The student led, student read news organization at Georgia Southern University

The George-Anne Media Group

The student led, student read news organization at Georgia Southern University

The George-Anne Media Group

The student led, student read news organization at Georgia Southern University

The George-Anne Media Group

The “Spring Break Slump” and How to Overcome It


For college students, spring break is a highly anticipated time of the semester. Whether you go home, to the beach, or just a small trip with some friends or family, we all look forward to a nice week off before having to prepare for the end of the semester. Coming back from break, though, is a whole new experience.

The “Spring Break Slump” is the term I have heard the most, and everyone’s experience is different. For me, I came back and immediately felt overwhelmed with my classes, preparing to move out of my dorm, and trying to make sure my grades were where they needed to be. Turns out, this is a universal experience. I wanted to talk to a professional here on campus to find out if what I was experiencing was as normal as I thought.

Jadeshala Humphries, Mental Health Counselor, started working with the Counseling Center here on campus to provide support to students.

  • “The GSU Counseling Center emphasizes various aspects of mental health and well-being. Primarily, we offer individual counseling sessions tailored to address a wide range of concerns such as stress management, anxiety, depression, relationships, academic challenges, and personal growth. Additionally, we provide group therapy, workshops, and outreach programs aimed at promoting mental health awareness, resilience, and coping skills within the student community,” she said.

To dive deeper into the topic, I wanted to know what exactly the “Spring Break Slump” is.

  •  “Although not clinically recognized as a formal diagnosis, The “Spring Break Slump” refers to decreased motivation, productivity, and emotional well-being that some college students may experience during or after the spring break period. It often involves feelings of fatigue, lack of focus, and difficulty readjusting to academic responsibilities after a break from routine,” Humphries explained. 

While many college students have the feeling that they are alone, Humphries is here to reassure all of us that this is more common than we think.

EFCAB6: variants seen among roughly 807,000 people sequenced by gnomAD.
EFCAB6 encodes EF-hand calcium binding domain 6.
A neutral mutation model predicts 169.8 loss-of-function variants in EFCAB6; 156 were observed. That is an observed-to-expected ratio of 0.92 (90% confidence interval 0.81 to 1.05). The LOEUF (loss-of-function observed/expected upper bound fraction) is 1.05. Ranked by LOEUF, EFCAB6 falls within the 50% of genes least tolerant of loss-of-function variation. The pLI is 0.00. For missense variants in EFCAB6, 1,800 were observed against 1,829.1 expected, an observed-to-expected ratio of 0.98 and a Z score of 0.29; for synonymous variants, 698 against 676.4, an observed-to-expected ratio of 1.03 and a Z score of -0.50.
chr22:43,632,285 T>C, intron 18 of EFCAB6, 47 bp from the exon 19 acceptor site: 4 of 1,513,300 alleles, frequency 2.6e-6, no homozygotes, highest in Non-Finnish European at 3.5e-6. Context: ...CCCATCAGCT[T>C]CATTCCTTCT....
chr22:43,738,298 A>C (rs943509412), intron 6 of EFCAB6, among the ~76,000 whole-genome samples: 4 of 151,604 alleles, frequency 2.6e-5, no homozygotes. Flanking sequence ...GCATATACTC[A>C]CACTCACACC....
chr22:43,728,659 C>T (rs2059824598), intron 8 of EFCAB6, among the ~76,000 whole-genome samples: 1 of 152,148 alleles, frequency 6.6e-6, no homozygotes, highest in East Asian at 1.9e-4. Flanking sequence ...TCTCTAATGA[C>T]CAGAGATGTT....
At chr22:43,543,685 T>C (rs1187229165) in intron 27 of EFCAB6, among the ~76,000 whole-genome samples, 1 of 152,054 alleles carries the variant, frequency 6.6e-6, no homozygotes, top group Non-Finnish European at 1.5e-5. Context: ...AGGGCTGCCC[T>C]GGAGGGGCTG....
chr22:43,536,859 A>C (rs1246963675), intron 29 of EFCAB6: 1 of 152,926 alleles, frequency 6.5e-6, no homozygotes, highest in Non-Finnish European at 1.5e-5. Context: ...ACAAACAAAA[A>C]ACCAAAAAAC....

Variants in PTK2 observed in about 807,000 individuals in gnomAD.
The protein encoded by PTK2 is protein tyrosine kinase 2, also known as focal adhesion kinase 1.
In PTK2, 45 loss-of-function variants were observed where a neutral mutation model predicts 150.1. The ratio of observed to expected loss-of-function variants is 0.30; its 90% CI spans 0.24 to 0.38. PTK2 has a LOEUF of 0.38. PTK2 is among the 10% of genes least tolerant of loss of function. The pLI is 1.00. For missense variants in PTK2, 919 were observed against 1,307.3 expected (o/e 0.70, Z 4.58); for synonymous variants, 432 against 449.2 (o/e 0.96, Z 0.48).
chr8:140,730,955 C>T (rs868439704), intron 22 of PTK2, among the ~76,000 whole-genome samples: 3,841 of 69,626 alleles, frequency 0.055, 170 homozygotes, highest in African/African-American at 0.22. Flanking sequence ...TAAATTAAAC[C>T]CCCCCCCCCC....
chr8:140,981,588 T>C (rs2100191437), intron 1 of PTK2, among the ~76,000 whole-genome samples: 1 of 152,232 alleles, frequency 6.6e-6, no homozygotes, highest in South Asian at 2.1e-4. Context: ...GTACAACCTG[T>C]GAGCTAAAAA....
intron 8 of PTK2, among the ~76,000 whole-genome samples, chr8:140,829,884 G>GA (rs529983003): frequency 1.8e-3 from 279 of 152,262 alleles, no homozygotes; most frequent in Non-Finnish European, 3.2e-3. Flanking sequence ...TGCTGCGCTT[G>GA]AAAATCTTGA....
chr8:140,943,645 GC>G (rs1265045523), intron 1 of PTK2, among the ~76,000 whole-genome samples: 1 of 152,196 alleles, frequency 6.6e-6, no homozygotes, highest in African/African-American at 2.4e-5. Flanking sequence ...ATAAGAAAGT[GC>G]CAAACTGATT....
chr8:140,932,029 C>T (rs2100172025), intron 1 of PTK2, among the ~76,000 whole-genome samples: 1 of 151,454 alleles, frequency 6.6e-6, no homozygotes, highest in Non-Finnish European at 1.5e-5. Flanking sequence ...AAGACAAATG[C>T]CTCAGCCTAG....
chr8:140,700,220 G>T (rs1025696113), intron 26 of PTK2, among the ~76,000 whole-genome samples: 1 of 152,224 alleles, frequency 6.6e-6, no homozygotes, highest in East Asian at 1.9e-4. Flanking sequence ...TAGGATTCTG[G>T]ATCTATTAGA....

• “Many students may find it challenging to transition back into academic responsibilities and may experience temporary dips in their mental well-being during this period,” she said.

So, if it isn’t a formal diagnosis, what is the best way to look out for it, and how can we combat it?
Humphries suggested identifying signs by noticing changes in your mood, motivation, and academic performance.

According to Humphries, common indicators of “the slump” occur after readjusting to academic demands after the break. These include:

  • feelings of lethargy
  • difficulty concentrating
  • increased procrastination

She suggested students use The Counseling Center as a resource to set personal mental health plans with indicators of emotional stress, coping skills, and resources.

“Students can implement strategies such as gradually easing back into academic routines, setting realistic goals, maintaining a balanced lifestyle with adequate sleep, nutrition, and exercise, seeking social support from peers and mentors, and utilizing campus resources such as counseling services for additional support,” Humphries said.

If you feel like you need additional support, feel free to reach out to the Counseling Center by calling
(912) 478-5541 or you can visit their website here.

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Vanessa Alcala
Vanessa Alcala, Reporter

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